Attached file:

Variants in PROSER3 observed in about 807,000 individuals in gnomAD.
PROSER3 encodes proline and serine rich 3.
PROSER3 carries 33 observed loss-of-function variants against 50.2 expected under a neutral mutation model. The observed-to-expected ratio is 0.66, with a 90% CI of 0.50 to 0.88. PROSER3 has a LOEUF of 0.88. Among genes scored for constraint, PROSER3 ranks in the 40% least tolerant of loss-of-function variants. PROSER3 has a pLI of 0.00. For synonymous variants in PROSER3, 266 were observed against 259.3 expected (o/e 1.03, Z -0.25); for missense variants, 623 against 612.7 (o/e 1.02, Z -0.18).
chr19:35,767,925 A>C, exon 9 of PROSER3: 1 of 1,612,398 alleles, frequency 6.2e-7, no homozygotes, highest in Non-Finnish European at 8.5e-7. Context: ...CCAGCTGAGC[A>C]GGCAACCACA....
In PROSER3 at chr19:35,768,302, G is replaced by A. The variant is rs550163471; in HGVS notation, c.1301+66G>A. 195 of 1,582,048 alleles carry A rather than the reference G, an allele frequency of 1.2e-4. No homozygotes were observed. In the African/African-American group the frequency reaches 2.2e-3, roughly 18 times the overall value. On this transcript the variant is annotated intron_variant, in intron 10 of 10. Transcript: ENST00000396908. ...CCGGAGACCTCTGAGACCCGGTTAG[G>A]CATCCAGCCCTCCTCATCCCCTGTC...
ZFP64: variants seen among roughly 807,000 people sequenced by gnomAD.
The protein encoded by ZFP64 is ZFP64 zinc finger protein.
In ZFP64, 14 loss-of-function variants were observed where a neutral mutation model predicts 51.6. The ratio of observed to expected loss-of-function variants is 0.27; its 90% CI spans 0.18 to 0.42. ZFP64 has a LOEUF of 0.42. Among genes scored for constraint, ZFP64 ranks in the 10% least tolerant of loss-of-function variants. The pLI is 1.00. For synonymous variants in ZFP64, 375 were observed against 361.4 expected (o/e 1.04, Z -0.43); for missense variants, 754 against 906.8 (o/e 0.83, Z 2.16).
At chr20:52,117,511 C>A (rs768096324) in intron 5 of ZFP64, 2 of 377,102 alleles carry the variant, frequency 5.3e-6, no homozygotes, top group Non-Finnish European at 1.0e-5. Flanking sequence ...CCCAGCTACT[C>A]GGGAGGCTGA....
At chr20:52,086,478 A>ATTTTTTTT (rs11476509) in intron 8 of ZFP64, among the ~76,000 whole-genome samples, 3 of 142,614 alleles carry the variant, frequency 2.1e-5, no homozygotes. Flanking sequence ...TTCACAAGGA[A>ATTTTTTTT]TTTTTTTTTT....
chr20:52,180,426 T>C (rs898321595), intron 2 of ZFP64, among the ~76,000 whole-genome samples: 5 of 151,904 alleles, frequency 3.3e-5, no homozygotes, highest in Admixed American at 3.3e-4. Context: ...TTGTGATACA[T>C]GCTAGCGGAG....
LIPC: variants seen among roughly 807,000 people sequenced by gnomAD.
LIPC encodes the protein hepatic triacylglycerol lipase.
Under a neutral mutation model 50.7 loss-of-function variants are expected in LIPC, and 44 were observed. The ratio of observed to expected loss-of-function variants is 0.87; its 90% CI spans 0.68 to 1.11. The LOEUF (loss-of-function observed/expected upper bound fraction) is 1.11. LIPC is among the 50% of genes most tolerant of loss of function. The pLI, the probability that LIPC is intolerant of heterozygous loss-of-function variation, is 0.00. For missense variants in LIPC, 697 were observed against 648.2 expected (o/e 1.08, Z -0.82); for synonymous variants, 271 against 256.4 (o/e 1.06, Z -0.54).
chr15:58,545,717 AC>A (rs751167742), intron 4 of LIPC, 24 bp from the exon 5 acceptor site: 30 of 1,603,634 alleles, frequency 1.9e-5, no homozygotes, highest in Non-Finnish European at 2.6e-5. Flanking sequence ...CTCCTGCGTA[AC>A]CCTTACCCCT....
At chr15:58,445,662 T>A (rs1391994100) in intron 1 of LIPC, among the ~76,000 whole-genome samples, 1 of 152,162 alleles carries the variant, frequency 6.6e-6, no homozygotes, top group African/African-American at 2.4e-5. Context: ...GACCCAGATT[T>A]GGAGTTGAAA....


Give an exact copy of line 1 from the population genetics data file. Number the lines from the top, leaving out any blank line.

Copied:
Variants in PROSER3 observed in about 807,000 individuals in gnomAD.